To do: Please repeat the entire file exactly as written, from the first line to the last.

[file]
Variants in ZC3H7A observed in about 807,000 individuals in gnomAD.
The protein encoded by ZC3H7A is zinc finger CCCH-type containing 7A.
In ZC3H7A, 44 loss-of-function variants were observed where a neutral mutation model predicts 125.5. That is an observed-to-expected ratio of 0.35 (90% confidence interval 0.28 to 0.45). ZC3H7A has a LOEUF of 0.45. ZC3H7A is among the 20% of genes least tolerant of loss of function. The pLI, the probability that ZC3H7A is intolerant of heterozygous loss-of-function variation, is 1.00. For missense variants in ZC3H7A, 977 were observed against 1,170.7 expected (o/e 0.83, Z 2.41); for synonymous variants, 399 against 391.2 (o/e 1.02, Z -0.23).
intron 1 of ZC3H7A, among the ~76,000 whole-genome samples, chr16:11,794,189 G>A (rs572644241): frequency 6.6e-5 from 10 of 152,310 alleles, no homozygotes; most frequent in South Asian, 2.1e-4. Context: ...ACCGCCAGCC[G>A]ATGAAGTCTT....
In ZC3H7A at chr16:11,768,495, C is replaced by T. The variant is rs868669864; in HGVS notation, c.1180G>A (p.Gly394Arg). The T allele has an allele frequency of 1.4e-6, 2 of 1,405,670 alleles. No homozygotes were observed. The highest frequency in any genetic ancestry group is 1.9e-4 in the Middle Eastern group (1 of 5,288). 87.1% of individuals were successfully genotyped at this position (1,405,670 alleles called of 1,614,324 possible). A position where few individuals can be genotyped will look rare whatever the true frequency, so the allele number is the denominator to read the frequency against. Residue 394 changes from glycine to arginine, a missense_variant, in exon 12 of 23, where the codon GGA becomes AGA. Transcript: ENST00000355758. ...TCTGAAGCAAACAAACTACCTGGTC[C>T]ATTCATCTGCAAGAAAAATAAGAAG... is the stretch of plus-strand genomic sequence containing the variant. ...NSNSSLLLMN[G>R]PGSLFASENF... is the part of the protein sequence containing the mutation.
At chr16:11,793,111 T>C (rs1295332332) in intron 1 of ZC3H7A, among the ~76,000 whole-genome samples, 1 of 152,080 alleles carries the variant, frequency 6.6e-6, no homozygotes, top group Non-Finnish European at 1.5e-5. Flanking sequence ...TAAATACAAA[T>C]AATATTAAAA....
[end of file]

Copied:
Variants in ZC3H7A observed in about 807,000 individuals in gnomAD.
The protein encoded by ZC3H7A is zinc finger CCCH-type containing 7A.
In ZC3H7A, 44 loss-of-function variants were observed where a neutral mutation model predicts 125.5. That is an observed-to-expected ratio of 0.35 (90% confidence interval 0.28 to 0.45). ZC3H7A has a LOEUF of 0.45. ZC3H7A is among the 20% of genes least tolerant of loss of function. The pLI, the probability that ZC3H7A is intolerant of heterozygous loss-of-function variation, is 1.00. For missense variants in ZC3H7A, 977 were observed against 1,170.7 expected (o/e 0.83, Z 2.41); for synonymous variants, 399 against 391.2 (o/e 1.02, Z -0.23).
intron 1 of ZC3H7A, among the ~76,000 whole-genome samples, chr16:11,794,189 G>A (rs572644241): frequency 6.6e-5 from 10 of 152,310 alleles, no homozygotes; most frequent in South Asian, 2.1e-4. Context: ...ACCGCCAGCC[G>A]ATGAAGTCTT....
In ZC3H7A at chr16:11,768,495, C is replaced by T. The variant is rs868669864; in HGVS notation, c.1180G>A (p.Gly394Arg). The T allele has an allele frequency of 1.4e-6, 2 of 1,405,670 alleles. No homozygotes were observed. The highest frequency in any genetic ancestry group is 1.9e-4 in the Middle Eastern group (1 of 5,288). 87.1% of individuals were successfully genotyped at this position (1,405,670 alleles called of 1,614,324 possible). A position where few individuals can be genotyped will look rare whatever the true frequency, so the allele number is the denominator to read the frequency against. Residue 394 changes from glycine to arginine, a missense_variant, in exon 12 of 23, where the codon GGA becomes AGA. Transcript: ENST00000355758. ...TCTGAAGCAAACAAACTACCTGGTC[C>T]ATTCATCTGCAAGAAAAATAAGAAG... is the stretch of plus-strand genomic sequence containing the variant. ...NSNSSLLLMN[G>R]PGSLFASENF... is the part of the protein sequence containing the mutation.
At chr16:11,793,111 T>C (rs1295332332) in intron 1 of ZC3H7A, among the ~76,000 whole-genome samples, 1 of 152,080 alleles carries the variant, frequency 6.6e-6, no homozygotes, top group Non-Finnish European at 1.5e-5. Flanking sequence ...TAAATACAAA[T>C]AATATTAAAA....